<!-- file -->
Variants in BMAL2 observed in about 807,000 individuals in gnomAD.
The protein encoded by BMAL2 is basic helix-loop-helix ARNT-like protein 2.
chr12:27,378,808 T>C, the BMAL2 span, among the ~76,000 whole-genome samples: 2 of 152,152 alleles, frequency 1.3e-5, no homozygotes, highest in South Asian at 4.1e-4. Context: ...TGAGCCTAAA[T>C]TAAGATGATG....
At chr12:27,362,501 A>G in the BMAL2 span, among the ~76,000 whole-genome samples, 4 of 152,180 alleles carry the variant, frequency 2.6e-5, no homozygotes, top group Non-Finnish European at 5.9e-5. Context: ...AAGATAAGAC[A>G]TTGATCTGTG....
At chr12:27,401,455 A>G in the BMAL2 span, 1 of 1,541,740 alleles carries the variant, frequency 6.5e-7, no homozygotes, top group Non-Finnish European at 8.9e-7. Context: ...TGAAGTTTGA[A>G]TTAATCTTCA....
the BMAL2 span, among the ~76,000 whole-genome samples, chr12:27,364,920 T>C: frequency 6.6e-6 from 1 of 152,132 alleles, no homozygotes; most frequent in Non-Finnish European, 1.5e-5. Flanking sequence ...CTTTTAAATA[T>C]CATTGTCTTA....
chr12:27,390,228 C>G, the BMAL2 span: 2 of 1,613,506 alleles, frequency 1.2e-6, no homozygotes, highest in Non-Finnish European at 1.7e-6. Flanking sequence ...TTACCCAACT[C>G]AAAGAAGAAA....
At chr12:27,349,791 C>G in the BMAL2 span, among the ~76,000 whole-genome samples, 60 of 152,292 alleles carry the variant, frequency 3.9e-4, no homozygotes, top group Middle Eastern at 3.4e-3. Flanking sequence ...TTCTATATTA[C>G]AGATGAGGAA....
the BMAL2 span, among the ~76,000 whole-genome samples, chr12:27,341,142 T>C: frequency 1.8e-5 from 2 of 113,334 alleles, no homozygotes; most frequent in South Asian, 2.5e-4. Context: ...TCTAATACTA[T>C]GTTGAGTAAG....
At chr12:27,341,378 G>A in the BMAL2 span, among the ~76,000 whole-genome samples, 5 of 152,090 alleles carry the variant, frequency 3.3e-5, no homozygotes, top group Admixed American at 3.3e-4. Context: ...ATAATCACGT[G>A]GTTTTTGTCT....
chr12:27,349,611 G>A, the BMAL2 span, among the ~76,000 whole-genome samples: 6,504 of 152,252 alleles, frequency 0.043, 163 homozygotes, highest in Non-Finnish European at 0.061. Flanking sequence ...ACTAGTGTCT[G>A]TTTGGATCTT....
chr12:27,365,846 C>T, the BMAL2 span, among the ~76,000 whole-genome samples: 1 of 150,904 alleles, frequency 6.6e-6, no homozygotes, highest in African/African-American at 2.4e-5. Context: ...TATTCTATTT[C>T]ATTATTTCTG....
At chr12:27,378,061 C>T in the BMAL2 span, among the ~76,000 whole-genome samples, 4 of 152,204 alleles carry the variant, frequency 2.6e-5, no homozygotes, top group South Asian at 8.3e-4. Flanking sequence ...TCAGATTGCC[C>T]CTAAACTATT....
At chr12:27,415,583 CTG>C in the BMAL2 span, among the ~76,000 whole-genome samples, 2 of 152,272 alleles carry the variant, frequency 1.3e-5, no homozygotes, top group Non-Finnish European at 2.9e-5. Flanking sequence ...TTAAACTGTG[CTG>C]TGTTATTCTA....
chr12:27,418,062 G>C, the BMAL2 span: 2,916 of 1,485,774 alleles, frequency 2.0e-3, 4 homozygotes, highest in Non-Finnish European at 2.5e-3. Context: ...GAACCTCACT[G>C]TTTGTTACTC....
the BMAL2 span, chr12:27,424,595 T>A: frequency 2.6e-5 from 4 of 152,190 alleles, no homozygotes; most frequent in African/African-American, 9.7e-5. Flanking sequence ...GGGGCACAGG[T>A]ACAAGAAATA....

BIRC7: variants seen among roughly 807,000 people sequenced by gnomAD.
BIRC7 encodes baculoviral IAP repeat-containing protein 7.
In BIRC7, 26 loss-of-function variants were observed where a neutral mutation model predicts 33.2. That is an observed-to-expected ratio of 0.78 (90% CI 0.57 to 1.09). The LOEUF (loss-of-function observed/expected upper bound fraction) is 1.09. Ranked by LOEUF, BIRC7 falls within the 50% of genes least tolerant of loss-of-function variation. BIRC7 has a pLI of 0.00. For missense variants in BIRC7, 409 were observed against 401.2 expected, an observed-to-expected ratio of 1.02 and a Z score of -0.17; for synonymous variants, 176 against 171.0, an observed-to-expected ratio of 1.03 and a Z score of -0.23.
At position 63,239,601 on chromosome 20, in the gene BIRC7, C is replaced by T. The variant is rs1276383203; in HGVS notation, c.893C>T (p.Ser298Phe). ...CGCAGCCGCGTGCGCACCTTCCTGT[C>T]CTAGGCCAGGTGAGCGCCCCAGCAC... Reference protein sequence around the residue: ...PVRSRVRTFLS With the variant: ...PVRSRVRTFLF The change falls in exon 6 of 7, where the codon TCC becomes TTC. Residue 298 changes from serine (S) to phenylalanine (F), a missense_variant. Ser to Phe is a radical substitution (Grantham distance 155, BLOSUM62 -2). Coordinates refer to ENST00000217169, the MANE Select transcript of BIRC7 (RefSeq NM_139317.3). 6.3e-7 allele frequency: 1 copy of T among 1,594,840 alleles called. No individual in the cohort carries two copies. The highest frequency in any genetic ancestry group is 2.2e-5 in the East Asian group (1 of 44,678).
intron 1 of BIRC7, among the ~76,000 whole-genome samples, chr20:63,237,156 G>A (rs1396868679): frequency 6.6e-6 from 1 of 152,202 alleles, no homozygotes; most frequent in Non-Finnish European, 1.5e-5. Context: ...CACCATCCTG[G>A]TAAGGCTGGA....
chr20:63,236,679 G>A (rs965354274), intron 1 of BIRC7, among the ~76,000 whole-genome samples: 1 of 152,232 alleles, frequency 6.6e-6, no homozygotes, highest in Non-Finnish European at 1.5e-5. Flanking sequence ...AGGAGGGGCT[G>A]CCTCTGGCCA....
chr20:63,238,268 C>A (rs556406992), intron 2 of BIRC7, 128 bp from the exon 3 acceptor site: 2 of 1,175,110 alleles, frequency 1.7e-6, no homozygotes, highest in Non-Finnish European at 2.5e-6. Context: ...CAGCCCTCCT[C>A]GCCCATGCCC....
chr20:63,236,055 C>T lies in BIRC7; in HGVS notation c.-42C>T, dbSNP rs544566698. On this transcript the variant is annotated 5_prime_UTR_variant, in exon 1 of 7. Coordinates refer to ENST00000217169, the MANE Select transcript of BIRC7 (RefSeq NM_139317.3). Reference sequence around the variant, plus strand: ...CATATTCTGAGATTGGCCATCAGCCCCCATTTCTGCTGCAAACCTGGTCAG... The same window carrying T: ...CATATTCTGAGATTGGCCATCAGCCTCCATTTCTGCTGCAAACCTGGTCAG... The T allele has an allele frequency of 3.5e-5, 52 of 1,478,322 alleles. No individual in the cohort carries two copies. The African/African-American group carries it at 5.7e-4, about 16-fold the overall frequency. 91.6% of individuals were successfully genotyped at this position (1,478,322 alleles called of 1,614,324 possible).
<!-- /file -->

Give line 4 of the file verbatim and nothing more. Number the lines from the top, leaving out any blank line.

At chr12:27,362,501 A>G in the BMAL2 span, among the ~76,000 whole-genome samples, 4 of 152,180 alleles carry the variant, frequency 2.6e-5, no homozygotes, top group Non-Finnish European at 5.9e-5. Context: ...AAGATAAGAC[A>G]TTGATCTGTG....